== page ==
Marvel Comics legend Stan Lee is urging gamers to stand up for their rights as the Supreme Court prepares to take up the issue of violence video game sales to minors, comparing the issue to the “national hysteria” in the 1950s over the purported dangerous effects of comic books on young minds. In a letter on the Video Game Voters Network website, Lee urges gamers to join the organization and vote for political candidates who recognize the benefits of gaming:
My memory has always been lousy and it’s not improving with age. But it’s good enough to remember a time when the government was trying to do to comic books what some politicians now want to do with video games: censor them and prohibit their sales. It was a bad idea half a century ago and it’s just as bad an idea now. And you can do something about it.
I created Spider-Man, Iron Man and the Hulk, the virtual ancestors of the characters in today’s games. In the 1950s, there was a national hysteria about the so-called “dangerous effect” comic books were having on our nation’s youth.
Comic books, it was said, contributed to “juvenile delinquency.” A Senate subcommittee investigated and decided the U.S. could not “afford the calculated risk involved in feeding its children, through comic books, a concentrated diet of crime, horror and violence.” Comic books were burned. The State of Washington made it a crime to sell comic books without a license. And Los Angeles passed a law that said it was a crime to sell “crime comic books.” Looking back, the outcry was — forgive the expression — comical.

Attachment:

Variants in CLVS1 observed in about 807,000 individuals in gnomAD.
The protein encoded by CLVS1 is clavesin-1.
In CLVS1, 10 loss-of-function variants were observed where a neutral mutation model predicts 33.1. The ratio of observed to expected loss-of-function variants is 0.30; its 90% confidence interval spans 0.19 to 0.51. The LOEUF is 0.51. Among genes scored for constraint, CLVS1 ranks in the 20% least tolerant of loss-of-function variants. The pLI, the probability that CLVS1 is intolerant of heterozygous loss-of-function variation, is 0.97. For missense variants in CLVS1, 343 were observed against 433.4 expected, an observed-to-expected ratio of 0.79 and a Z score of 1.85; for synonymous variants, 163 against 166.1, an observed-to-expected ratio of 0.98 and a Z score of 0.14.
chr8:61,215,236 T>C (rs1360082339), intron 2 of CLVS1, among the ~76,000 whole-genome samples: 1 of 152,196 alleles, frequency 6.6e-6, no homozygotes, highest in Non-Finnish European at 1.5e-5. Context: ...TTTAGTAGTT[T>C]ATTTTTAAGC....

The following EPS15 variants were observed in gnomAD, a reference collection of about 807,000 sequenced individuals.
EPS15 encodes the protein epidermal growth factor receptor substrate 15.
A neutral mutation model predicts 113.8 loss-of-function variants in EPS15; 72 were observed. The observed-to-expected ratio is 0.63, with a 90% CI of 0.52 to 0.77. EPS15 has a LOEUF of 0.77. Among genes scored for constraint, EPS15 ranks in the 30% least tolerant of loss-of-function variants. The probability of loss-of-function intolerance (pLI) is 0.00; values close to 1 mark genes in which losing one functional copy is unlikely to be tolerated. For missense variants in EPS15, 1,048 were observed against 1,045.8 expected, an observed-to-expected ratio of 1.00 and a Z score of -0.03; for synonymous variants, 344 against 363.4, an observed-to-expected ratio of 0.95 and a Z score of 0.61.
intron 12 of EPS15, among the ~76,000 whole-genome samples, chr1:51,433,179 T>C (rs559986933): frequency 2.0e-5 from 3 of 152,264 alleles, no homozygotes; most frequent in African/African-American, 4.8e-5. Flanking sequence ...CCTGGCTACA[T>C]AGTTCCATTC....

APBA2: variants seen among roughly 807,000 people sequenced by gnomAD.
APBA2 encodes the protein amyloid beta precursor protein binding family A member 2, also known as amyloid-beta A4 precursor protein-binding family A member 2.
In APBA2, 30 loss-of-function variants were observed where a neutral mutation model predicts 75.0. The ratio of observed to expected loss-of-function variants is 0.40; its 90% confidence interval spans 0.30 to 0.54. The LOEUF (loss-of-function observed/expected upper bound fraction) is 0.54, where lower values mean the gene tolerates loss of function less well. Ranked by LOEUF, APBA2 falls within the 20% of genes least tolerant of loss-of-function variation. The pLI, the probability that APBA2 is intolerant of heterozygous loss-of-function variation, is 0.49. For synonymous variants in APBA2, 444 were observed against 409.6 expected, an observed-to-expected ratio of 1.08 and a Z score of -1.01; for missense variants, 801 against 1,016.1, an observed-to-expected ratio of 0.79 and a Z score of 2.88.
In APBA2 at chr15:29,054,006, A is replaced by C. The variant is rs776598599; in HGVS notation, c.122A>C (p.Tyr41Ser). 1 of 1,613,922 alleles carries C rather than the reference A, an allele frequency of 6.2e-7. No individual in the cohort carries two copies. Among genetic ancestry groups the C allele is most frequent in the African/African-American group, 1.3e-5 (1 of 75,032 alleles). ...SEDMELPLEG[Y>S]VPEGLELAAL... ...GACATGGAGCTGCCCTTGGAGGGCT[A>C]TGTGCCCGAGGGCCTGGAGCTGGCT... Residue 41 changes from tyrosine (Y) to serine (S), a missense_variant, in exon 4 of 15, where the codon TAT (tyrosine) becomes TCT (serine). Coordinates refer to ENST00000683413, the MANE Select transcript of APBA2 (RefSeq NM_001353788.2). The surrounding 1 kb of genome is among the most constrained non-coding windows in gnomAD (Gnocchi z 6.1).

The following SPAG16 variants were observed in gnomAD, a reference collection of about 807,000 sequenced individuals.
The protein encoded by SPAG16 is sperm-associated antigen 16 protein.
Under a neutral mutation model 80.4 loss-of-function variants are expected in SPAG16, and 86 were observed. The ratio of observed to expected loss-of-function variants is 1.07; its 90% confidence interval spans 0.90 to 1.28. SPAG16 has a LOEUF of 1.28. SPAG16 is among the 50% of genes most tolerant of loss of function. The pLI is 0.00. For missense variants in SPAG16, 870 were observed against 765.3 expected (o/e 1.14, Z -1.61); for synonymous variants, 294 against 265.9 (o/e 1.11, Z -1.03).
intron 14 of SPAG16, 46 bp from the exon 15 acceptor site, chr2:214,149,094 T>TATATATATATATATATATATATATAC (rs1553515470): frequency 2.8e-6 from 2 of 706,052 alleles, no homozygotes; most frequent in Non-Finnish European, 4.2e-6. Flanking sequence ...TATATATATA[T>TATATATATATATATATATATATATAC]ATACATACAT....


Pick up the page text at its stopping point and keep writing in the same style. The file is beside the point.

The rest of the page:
The more things change, as they say, the more they stay the same. Substitute video games for comic books and you’ve got a 21st century replay of the craziness of the 1950s. States have passed laws restricting the sale of video games and later this year, the Supreme Court will hear a case about one of those laws, this one passed in California. Why does this matter? Because if you restrict sales of video games, you’re chipping away at our First Amendment rights to free speech and opening the door to restrictions on books and movies.
The U.S. Supreme Court will soon hear a challenge to California’s ban on the sale or rental of violent video games to minors, which was passed in 2005 but has so far been prevented from taking effect. The law would fine retailers up to $1,000 for each instance in which they sell such titles to anyone younger than 18 and created strict labeling requirements for game manufacturers.
The 9th Circuit Court of Appeals ruled it unconstitutional on free speech grounds. The law was based on studies linking violent games to aggression, antisocial behavior and desensitization to violence.